When Marc Roberts says he is disappointed in his own form, it’s hard to disagree. Since signing from Barnsley in the summer for £3.5m, the defender has struggled to hit the levels he managed at Oakwell.
Back then, Roberts was Barnsley’s captain and there was a great belief that Blues were signing a competent Championship defender.
“I have been nowhere near my standards”, preached the 27-year-old after Saturday’s win over Sheffield United in which goal levelled the scores. He’s right. When Harry Redknapp first bought Roberts to the club, he ‘assured’ Blues fans that he had signed a ‘fantastic defender, one of the best in the division’.
What we have witnessed so far is an inconsistency which has cost him his place in the first team – only won back due to Harlee Dean’s suspension.
But this is the part where I am going to leap to his defence. Under Redknapp, Roberts was playing as a left-sided centre-back which, given he is predominantly right-footed, can cause problems.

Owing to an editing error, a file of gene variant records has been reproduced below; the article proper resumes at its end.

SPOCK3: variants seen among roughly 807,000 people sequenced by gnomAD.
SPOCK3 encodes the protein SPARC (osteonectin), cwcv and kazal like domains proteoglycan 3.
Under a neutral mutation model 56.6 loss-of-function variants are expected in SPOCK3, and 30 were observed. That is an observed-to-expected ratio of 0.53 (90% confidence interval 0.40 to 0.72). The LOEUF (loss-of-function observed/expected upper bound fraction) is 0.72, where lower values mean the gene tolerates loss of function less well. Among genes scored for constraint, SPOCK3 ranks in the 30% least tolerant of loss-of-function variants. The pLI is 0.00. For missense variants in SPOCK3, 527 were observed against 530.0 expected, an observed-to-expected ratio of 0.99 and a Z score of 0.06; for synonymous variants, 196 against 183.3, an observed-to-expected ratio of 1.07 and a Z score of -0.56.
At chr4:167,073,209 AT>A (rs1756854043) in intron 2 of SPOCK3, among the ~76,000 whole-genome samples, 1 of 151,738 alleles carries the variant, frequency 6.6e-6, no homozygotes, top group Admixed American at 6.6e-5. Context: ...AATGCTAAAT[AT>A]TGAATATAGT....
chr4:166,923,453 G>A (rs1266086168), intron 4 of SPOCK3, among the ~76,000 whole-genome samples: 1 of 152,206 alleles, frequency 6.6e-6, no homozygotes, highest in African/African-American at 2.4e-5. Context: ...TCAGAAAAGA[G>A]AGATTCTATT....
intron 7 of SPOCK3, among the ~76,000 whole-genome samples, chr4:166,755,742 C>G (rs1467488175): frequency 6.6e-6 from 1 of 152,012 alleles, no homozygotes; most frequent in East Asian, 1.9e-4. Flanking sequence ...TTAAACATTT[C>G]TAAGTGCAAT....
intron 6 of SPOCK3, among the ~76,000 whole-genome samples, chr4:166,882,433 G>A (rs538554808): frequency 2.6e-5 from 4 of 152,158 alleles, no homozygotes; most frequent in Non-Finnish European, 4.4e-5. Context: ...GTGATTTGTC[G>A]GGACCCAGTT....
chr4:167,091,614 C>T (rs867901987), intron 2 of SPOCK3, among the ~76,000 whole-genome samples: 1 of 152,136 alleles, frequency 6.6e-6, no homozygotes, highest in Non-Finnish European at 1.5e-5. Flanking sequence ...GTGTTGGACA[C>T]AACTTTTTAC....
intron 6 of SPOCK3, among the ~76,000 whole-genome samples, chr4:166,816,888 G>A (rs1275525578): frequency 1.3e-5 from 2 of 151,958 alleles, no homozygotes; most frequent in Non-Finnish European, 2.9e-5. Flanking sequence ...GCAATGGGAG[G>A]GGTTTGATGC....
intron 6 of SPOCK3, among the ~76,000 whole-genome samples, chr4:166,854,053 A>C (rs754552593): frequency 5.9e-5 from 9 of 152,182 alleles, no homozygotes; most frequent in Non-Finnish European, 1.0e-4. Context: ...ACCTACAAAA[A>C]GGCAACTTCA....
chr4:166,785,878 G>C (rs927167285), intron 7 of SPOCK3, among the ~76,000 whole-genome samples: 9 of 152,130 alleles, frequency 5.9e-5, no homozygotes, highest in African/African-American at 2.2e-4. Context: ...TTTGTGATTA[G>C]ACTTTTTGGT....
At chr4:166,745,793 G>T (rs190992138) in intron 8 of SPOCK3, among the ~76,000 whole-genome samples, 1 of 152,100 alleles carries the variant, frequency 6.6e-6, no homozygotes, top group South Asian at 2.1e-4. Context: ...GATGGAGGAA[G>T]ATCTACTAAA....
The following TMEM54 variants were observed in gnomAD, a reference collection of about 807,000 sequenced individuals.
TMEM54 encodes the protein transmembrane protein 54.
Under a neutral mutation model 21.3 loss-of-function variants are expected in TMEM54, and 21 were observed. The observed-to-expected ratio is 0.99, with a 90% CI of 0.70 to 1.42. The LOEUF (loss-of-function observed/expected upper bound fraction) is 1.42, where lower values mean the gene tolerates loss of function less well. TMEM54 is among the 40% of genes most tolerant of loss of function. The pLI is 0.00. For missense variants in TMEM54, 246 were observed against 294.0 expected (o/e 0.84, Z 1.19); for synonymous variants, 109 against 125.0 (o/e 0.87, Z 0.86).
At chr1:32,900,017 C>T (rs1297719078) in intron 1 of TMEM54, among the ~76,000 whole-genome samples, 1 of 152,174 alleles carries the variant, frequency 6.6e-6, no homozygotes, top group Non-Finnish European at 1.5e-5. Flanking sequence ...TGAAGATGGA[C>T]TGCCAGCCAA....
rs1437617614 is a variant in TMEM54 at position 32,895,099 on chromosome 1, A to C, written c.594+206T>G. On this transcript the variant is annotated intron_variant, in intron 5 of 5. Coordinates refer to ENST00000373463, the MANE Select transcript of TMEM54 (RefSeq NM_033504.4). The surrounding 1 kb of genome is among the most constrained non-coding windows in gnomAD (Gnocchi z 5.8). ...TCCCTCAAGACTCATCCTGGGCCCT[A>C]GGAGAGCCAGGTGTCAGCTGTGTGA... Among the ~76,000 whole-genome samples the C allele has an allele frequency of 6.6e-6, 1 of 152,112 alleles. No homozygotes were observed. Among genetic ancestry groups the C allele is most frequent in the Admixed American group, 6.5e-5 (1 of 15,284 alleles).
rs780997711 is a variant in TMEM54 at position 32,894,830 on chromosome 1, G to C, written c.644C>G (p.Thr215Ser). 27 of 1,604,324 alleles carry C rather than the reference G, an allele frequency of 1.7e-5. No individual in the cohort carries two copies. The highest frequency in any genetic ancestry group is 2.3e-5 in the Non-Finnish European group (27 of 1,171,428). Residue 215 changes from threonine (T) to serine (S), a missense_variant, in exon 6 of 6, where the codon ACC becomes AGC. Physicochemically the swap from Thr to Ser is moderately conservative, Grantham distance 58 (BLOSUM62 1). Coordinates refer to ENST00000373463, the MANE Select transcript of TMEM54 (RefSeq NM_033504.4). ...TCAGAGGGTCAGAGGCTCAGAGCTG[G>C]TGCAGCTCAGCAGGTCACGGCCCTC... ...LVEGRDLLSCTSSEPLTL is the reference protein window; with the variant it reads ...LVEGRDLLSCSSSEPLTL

Roberts wasn’t given enough time to adapt to playing on the opposite side of his comfort zone. By the time Steve Cotterill took over, Roberts was struggling as much as the team – completely sapped of confidence.
On Saturday, we saw a defender who not only defended well but showed his distribution capabilities. Rather than the long punt which Roberts had become accustomed to (by choice or under Cotterill’s instruction?) he was calm in possession and stuck to Garry Monk’s ethos of playing out from the back.
After falling behind, Roberts’ goal restored parity and offered Blues a platform to go on and win the game. His contribution was much more than a goal though. His defending was solid, his positional play mature and his partnership with Michael Morrison looked assured.
Monk said his selection was merited as he has ‘enjoyed working with him’ and he believes he is ‘a good player’.
In a nutshell, Roberts looked like the player Blues thought they were signing. Of course, this was only one performance in one game. But given the time to improve, he could become an important member of the team.